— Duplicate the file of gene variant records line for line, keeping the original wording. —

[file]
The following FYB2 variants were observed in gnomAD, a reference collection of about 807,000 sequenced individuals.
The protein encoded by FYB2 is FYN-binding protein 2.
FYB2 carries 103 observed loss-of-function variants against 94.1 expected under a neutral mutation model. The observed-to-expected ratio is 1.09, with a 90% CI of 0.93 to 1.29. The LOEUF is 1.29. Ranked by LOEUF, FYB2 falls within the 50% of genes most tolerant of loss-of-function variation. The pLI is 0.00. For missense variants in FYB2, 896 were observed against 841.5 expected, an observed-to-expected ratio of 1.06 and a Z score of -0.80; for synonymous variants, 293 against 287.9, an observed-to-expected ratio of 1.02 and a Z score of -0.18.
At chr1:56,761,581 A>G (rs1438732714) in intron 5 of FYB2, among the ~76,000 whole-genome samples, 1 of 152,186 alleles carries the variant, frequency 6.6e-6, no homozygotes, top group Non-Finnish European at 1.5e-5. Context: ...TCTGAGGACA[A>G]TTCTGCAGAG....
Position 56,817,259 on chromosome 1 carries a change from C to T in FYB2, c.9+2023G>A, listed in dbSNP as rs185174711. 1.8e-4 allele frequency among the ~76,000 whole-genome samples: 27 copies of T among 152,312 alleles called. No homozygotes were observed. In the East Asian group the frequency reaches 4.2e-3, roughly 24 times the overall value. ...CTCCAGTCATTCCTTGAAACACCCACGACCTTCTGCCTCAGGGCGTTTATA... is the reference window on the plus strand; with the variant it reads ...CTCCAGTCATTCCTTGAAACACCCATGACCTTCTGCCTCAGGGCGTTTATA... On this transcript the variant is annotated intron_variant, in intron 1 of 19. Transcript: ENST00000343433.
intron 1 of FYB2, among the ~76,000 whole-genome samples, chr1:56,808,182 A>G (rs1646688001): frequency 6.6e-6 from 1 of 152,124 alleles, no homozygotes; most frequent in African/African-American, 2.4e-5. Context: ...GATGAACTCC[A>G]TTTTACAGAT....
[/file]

The following FYB2 variants were observed in gnomAD, a reference collection of about 807,000 sequenced individuals.
The protein encoded by FYB2 is FYN-binding protein 2.
FYB2 carries 103 observed loss-of-function variants against 94.1 expected under a neutral mutation model. The observed-to-expected ratio is 1.09, with a 90% CI of 0.93 to 1.29. The LOEUF is 1.29. Ranked by LOEUF, FYB2 falls within the 50% of genes most tolerant of loss-of-function variation. The pLI is 0.00. For missense variants in FYB2, 896 were observed against 841.5 expected, an observed-to-expected ratio of 1.06 and a Z score of -0.80; for synonymous variants, 293 against 287.9, an observed-to-expected ratio of 1.02 and a Z score of -0.18.
At chr1:56,761,581 A>G (rs1438732714) in intron 5 of FYB2, among the ~76,000 whole-genome samples, 1 of 152,186 alleles carries the variant, frequency 6.6e-6, no homozygotes, top group Non-Finnish European at 1.5e-5. Context: ...TCTGAGGACA[A>G]TTCTGCAGAG....
Position 56,817,259 on chromosome 1 carries a change from C to T in FYB2, c.9+2023G>A, listed in dbSNP as rs185174711. 1.8e-4 allele frequency among the ~76,000 whole-genome samples: 27 copies of T among 152,312 alleles called. No homozygotes were observed. In the East Asian group the frequency reaches 4.2e-3, roughly 24 times the overall value. ...CTCCAGTCATTCCTTGAAACACCCACGACCTTCTGCCTCAGGGCGTTTATA... is the reference window on the plus strand; with the variant it reads ...CTCCAGTCATTCCTTGAAACACCCATGACCTTCTGCCTCAGGGCGTTTATA... On this transcript the variant is annotated intron_variant, in intron 1 of 19. Transcript: ENST00000343433.
intron 1 of FYB2, among the ~76,000 whole-genome samples, chr1:56,808,182 A>G (rs1646688001): frequency 6.6e-6 from 1 of 152,124 alleles, no homozygotes; most frequent in African/African-American, 2.4e-5. Context: ...GATGAACTCC[A>G]TTTTACAGAT....